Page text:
Mystery Meat

HIGH A solid-enough intro.

LOW My character recoiling in terror at Roy the security guard.

WTF That English translation. Yikes.


 

I can’t find much information on Davit Andreasyan, the creator of Inmates. This appears to be his first commercial videogame, and if the credits are to be believed, he developed it all by himself. That’s the sort of ambition I don’t want to discourage.

Unfortunately, Andreasyan has taken on the genre most ill-befitting to a first-time solo project – horror. Great titles can be made with limited resources, and there’s plenty of evidence of that. However, scaring me requires that I become immersed, and it’s difficult to do that when the creakiness of the presentation constantly reminds me that I’m playing a videogame.

Admittedly, it made me jump a couple of times, but it doesn’t get points for that – anyone can insert loud, sudden noises into a piece of work. Playing Inmates, I chuckled far more than I screamed, which isn’t a good look for a serious-minded horror adventure, and this is the central issue — it’s a horror game that’s not scary.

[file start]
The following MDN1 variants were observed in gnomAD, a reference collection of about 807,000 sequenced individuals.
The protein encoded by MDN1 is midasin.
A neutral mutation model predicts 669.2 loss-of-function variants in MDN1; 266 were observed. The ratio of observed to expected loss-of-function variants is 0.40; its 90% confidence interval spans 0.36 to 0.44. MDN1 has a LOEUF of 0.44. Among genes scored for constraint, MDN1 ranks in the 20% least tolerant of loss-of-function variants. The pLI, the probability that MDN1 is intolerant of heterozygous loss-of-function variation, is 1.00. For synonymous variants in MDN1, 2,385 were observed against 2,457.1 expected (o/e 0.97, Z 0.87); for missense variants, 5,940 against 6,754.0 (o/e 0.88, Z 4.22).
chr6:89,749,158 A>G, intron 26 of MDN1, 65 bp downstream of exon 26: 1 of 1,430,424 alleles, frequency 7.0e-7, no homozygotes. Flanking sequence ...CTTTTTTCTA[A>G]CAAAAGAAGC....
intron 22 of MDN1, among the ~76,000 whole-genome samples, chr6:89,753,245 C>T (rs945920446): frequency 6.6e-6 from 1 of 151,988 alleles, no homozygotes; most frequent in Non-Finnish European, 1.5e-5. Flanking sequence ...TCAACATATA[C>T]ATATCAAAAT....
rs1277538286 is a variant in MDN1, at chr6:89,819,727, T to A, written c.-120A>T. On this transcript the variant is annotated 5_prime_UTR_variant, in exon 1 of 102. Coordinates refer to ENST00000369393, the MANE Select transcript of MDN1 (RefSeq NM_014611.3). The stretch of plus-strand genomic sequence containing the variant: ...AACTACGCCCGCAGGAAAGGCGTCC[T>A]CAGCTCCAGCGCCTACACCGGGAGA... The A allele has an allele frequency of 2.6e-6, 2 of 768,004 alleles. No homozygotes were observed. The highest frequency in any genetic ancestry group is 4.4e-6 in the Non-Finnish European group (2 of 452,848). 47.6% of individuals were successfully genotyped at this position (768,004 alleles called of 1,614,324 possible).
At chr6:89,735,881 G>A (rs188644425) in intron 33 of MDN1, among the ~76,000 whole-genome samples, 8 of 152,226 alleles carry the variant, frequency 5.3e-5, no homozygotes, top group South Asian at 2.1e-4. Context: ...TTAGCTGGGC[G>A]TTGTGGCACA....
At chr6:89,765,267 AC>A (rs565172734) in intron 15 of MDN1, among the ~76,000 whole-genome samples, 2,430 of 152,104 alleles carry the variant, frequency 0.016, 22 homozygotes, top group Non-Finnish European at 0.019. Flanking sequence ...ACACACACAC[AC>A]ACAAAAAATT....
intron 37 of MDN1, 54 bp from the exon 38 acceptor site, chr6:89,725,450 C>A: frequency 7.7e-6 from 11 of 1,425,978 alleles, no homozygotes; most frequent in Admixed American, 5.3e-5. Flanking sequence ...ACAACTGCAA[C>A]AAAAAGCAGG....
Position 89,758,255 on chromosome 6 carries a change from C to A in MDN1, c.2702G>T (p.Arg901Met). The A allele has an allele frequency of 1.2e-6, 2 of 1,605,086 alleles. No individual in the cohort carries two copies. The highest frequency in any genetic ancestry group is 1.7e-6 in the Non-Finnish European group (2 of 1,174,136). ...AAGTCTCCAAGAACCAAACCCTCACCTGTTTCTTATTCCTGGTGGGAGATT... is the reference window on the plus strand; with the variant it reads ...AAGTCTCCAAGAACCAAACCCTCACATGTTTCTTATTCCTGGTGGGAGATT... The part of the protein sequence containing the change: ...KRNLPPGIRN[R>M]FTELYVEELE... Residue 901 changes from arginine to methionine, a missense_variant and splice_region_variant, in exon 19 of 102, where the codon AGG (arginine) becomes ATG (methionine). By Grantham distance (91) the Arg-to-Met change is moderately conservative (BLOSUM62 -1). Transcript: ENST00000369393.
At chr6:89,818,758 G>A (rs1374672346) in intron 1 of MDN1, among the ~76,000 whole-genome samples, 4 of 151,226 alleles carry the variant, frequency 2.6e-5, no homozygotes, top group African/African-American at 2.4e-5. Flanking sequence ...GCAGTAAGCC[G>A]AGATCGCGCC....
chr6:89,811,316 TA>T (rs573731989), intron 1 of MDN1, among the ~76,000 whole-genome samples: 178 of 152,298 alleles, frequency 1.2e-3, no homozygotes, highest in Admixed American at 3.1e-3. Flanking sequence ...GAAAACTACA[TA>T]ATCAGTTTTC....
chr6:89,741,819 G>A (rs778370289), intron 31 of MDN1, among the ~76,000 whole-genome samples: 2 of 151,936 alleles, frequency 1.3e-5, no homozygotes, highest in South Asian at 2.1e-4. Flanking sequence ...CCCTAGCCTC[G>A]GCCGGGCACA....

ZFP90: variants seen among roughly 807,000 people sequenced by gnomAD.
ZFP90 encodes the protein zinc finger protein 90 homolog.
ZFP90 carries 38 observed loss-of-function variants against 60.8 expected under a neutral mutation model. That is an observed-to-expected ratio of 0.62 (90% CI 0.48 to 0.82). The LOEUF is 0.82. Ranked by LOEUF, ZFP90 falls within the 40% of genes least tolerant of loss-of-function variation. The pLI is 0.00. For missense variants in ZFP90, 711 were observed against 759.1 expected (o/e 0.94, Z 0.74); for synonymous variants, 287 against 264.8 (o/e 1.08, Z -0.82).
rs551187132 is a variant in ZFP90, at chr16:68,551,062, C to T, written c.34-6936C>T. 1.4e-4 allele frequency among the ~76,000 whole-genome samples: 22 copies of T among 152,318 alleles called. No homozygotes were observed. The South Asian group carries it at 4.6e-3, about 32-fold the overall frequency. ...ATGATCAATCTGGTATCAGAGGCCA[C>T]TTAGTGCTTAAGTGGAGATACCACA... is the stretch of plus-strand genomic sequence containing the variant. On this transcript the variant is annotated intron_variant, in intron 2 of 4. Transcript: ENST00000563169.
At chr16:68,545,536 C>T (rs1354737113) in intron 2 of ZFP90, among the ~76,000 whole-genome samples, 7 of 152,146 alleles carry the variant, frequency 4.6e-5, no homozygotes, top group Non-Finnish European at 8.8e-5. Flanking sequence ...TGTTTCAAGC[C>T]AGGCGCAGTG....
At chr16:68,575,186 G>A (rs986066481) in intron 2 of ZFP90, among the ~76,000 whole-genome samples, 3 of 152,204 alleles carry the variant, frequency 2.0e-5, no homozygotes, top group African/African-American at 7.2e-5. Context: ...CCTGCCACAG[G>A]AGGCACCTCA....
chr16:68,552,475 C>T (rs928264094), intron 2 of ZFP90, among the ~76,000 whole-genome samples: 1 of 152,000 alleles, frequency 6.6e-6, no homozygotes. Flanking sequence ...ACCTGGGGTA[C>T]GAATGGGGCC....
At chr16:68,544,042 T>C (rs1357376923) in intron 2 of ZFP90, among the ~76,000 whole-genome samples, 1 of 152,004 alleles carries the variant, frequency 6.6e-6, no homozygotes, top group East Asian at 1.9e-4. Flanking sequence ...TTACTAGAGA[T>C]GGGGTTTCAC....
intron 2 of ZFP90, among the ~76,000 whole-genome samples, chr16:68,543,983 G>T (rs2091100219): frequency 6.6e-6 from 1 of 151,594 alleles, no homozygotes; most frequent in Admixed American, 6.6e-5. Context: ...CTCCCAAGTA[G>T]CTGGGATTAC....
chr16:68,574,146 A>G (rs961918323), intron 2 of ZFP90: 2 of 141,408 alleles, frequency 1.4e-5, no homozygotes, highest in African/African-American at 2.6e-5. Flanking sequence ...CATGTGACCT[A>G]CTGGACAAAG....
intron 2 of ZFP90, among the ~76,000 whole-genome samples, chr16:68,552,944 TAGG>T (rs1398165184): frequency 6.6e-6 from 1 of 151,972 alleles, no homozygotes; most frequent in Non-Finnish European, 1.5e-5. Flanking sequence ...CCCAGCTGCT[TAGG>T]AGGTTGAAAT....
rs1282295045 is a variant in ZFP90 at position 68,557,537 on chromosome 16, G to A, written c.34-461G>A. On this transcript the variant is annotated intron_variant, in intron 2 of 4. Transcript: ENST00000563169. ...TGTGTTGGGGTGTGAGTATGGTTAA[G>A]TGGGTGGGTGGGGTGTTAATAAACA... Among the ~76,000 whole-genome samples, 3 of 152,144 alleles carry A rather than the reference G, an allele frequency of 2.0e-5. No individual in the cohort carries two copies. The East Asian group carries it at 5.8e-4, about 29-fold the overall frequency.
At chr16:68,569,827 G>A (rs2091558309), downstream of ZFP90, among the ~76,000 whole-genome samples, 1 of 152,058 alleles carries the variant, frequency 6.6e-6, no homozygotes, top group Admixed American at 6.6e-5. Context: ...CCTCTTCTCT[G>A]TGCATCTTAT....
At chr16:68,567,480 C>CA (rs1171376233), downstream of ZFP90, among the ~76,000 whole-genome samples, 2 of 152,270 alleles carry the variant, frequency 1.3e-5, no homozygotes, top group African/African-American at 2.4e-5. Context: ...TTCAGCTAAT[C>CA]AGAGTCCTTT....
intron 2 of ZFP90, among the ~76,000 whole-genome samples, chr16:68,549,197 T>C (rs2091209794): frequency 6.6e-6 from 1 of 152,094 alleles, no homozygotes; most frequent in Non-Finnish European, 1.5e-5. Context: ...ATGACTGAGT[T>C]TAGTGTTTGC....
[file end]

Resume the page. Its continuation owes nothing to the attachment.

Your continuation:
I was told early on that someone named Roy was hunting for me. I assumed this was where things were supposed to get frightening, but when I encountered Roy, he was just a security guard with a flashlight whose robotic walking animation lent him all the menace of a park patron from Roller Coaster Tycoon. It’s a silly moment, compounded by my character’s ridiculous “please oh god no” routine delivered with D-movie cheese by someone who is definitely not a professional voice actor.

Worse still, the only encounters with Roy are scripted sequences in which the player getting caught is part of the story. There’s only one sequence at the very end in which it’s possible to die, so the remainder of the playtime has zero stakes. Thus its only tricks are (a) easy jump scares and (b) “creepy” images undermined by unconvincing presentation. I know this room full of corpses hanging from nooses is supposed to make me queasy, but why are the bodies jiggling? Is that a ragdoll screw-up? Or is it a deliberate effect that just looks like a hilarious technical quirk?